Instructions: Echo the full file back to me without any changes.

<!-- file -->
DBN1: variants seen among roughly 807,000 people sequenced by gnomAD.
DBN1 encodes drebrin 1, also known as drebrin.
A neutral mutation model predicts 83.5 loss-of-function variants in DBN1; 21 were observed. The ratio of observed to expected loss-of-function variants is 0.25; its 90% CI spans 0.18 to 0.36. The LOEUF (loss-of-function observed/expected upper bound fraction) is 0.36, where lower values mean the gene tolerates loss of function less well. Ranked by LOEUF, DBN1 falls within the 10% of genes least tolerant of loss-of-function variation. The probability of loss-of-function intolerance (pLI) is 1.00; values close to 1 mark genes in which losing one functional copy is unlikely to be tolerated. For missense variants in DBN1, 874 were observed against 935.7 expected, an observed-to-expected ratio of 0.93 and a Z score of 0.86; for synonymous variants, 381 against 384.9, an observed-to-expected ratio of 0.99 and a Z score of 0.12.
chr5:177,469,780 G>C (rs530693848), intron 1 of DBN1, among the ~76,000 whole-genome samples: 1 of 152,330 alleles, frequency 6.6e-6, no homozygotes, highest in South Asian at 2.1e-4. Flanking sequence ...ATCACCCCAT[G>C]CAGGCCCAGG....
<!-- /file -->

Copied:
DBN1: variants seen among roughly 807,000 people sequenced by gnomAD.
DBN1 encodes drebrin 1, also known as drebrin.
A neutral mutation model predicts 83.5 loss-of-function variants in DBN1; 21 were observed. The ratio of observed to expected loss-of-function variants is 0.25; its 90% CI spans 0.18 to 0.36. The LOEUF (loss-of-function observed/expected upper bound fraction) is 0.36, where lower values mean the gene tolerates loss of function less well. Ranked by LOEUF, DBN1 falls within the 10% of genes least tolerant of loss-of-function variation. The probability of loss-of-function intolerance (pLI) is 1.00; values close to 1 mark genes in which losing one functional copy is unlikely to be tolerated. For missense variants in DBN1, 874 were observed against 935.7 expected, an observed-to-expected ratio of 0.93 and a Z score of 0.86; for synonymous variants, 381 against 384.9, an observed-to-expected ratio of 0.99 and a Z score of 0.12.
chr5:177,469,780 G>C (rs530693848), intron 1 of DBN1, among the ~76,000 whole-genome samples: 1 of 152,330 alleles, frequency 6.6e-6, no homozygotes, highest in South Asian at 2.1e-4. Flanking sequence ...ATCACCCCAT[G>C]CAGGCCCAGG....